• WP:MOSNUM states clearly that units should be linked at their first occurance in an article only, and not at further occurances.
  • WP:OVERLINK states clearly that common units should not normally be linked, falling explicitly under the category of "plain English words".
  • WP:MOSLINK states "In tables and infoboxes, units should not be internally linked to Wikipedia pages" but says nothing about article body text on the issue.
  • <please add additional guidelines here as needed>

Comment. We cannot add to this list now, and give the false impression that the information was available when people started voting on these proposals. The whole procedure is fatally flawed. Gene Nygaard (talk) 23:00, 31 December 2008 (UTC)

  • Reply: This is not a vote. This is a discussion to figure out a) what needs to be fixed and b) how to fix it. Feel free to add any guidelines that may be missing. It is entirely possible that these three pages are the only three which are affected. We are discussing the principle, and the principle holds regardless of which policy and/or guideline page are affected. --Jayron32.talk.contribs 02:39, 1 January 2009 (UTC)
    • It most certainly is framed as a vote, and improperly and prematurely so.
    • Before framing it that way, you should have figured out what the existing rules are, and how it might be fixed. Gene Nygaard (talk) 11:40, 1 January 2009 (UTC)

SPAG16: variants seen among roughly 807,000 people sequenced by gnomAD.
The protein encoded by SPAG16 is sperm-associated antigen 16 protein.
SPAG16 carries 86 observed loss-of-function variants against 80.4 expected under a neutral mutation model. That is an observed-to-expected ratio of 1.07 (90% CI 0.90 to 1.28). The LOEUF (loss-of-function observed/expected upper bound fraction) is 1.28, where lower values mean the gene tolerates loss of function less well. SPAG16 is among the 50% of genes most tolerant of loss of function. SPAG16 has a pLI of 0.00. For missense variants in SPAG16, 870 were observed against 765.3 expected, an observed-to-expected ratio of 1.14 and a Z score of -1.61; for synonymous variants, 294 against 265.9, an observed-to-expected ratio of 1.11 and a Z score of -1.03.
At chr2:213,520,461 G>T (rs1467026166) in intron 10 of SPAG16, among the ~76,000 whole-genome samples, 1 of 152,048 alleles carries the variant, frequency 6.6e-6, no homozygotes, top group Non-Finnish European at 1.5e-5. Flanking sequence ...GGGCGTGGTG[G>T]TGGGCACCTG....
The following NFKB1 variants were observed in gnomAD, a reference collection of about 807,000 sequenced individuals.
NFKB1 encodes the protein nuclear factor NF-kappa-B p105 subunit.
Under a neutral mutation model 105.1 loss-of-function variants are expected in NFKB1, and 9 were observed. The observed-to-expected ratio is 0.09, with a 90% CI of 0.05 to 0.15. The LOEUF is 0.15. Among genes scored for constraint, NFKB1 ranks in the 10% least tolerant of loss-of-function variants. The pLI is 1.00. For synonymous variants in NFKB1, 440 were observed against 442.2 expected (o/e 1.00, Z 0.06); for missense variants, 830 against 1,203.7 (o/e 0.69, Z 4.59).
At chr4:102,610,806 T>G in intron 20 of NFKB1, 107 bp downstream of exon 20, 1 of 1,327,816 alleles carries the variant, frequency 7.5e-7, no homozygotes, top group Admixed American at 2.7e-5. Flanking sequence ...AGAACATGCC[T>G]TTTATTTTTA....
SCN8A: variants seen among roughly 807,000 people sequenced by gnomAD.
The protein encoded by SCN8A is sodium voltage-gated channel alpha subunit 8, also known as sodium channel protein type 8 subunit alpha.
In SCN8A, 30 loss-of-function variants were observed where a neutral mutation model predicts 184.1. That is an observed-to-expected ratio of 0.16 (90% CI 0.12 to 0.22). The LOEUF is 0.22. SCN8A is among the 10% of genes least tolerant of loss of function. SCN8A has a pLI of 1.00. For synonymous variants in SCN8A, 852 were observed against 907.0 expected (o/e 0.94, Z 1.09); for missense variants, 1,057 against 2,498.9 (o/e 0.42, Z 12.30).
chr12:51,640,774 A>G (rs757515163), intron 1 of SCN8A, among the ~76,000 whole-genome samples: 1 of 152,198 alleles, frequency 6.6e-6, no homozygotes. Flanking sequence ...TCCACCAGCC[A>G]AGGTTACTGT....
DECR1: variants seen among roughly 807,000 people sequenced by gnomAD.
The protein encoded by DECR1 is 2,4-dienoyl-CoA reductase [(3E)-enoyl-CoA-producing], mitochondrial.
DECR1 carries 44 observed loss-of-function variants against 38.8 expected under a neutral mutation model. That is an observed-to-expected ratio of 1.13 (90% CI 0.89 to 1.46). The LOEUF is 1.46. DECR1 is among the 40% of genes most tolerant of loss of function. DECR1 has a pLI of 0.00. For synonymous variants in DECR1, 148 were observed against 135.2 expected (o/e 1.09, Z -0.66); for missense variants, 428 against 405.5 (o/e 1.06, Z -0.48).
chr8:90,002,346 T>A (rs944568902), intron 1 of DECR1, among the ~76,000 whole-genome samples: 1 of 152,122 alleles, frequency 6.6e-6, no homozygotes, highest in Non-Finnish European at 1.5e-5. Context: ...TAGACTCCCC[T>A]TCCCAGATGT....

Proposals

Proposal 1:Always link

All occurances of units should be linked in all cases.

Support of this proposal
  1. llywrch (talk) 02:21, 2 January 2009 (UTC) -- See discussion below.
Discussion of this proposal
  • From reviewing the discussion on this matter of linking, many people on both sides are making a dangerous assumption here, that the Manual of Style is a form of Wikipedia policy. I do not believe this is correct: the Manual of Style is a systematic expression of Best known practices. In other words, its power is persuasive, not prescriptive; one does not get penalized for violating the MoS, & attempting to advocate something in the MoS without an appropriate discussion is the same as trying to advocate a specific point of view in an article.